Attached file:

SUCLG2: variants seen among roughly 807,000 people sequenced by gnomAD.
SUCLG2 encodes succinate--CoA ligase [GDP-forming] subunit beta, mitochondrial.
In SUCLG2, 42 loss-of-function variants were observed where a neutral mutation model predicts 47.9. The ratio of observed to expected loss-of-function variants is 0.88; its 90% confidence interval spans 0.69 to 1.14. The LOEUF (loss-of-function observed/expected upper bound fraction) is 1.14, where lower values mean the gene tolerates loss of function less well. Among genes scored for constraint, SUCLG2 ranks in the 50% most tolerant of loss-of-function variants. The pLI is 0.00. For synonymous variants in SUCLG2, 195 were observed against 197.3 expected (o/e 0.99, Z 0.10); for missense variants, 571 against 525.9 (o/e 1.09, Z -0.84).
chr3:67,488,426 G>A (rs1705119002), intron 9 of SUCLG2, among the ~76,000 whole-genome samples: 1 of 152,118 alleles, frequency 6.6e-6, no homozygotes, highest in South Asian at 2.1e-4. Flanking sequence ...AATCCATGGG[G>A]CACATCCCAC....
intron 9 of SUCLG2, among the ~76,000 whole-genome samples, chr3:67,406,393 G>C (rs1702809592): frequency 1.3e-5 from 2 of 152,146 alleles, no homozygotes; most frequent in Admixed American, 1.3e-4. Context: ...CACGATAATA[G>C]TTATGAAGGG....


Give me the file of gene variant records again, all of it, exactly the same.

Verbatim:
SUCLG2: variants seen among roughly 807,000 people sequenced by gnomAD.
SUCLG2 encodes succinate--CoA ligase [GDP-forming] subunit beta, mitochondrial.
In SUCLG2, 42 loss-of-function variants were observed where a neutral mutation model predicts 47.9. The ratio of observed to expected loss-of-function variants is 0.88; its 90% confidence interval spans 0.69 to 1.14. The LOEUF (loss-of-function observed/expected upper bound fraction) is 1.14, where lower values mean the gene tolerates loss of function less well. Among genes scored for constraint, SUCLG2 ranks in the 50% most tolerant of loss-of-function variants. The pLI is 0.00. For synonymous variants in SUCLG2, 195 were observed against 197.3 expected (o/e 0.99, Z 0.10); for missense variants, 571 against 525.9 (o/e 1.09, Z -0.84).
chr3:67,488,426 G>A (rs1705119002), intron 9 of SUCLG2, among the ~76,000 whole-genome samples: 1 of 152,118 alleles, frequency 6.6e-6, no homozygotes, highest in South Asian at 2.1e-4. Flanking sequence ...AATCCATGGG[G>A]CACATCCCAC....
intron 9 of SUCLG2, among the ~76,000 whole-genome samples, chr3:67,406,393 G>C (rs1702809592): frequency 1.3e-5 from 2 of 152,146 alleles, no homozygotes; most frequent in Admixed American, 1.3e-4. Context: ...CACGATAATA[G>C]TTATGAAGGG....